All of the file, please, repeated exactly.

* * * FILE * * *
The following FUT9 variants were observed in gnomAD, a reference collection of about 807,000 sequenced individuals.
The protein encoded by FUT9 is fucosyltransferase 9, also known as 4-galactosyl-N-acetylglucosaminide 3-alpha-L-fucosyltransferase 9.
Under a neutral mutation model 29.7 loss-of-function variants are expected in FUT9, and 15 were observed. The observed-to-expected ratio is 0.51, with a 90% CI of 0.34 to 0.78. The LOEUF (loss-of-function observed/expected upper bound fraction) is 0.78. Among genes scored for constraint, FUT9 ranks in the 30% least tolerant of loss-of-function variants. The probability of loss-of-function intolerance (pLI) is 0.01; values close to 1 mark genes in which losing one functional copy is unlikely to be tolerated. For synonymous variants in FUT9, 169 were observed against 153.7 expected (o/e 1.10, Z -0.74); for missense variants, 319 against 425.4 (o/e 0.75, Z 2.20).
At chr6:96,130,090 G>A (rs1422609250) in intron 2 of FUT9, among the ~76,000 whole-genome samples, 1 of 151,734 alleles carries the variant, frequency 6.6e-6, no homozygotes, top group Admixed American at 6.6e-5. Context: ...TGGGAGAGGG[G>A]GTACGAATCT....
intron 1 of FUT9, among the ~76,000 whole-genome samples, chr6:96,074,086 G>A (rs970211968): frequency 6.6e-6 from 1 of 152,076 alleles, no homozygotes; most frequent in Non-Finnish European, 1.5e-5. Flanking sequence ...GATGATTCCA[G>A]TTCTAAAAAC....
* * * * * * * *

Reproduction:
The following FUT9 variants were observed in gnomAD, a reference collection of about 807,000 sequenced individuals.
The protein encoded by FUT9 is fucosyltransferase 9, also known as 4-galactosyl-N-acetylglucosaminide 3-alpha-L-fucosyltransferase 9.
Under a neutral mutation model 29.7 loss-of-function variants are expected in FUT9, and 15 were observed. The observed-to-expected ratio is 0.51, with a 90% CI of 0.34 to 0.78. The LOEUF (loss-of-function observed/expected upper bound fraction) is 0.78. Among genes scored for constraint, FUT9 ranks in the 30% least tolerant of loss-of-function variants. The probability of loss-of-function intolerance (pLI) is 0.01; values close to 1 mark genes in which losing one functional copy is unlikely to be tolerated. For synonymous variants in FUT9, 169 were observed against 153.7 expected (o/e 1.10, Z -0.74); for missense variants, 319 against 425.4 (o/e 0.75, Z 2.20).
At chr6:96,130,090 G>A (rs1422609250) in intron 2 of FUT9, among the ~76,000 whole-genome samples, 1 of 151,734 alleles carries the variant, frequency 6.6e-6, no homozygotes, top group Admixed American at 6.6e-5. Context: ...TGGGAGAGGG[G>A]GTACGAATCT....
intron 1 of FUT9, among the ~76,000 whole-genome samples, chr6:96,074,086 G>A (rs970211968): frequency 6.6e-6 from 1 of 152,076 alleles, no homozygotes; most frequent in Non-Finnish European, 1.5e-5. Flanking sequence ...GATGATTCCA[G>A]TTCTAAAAAC....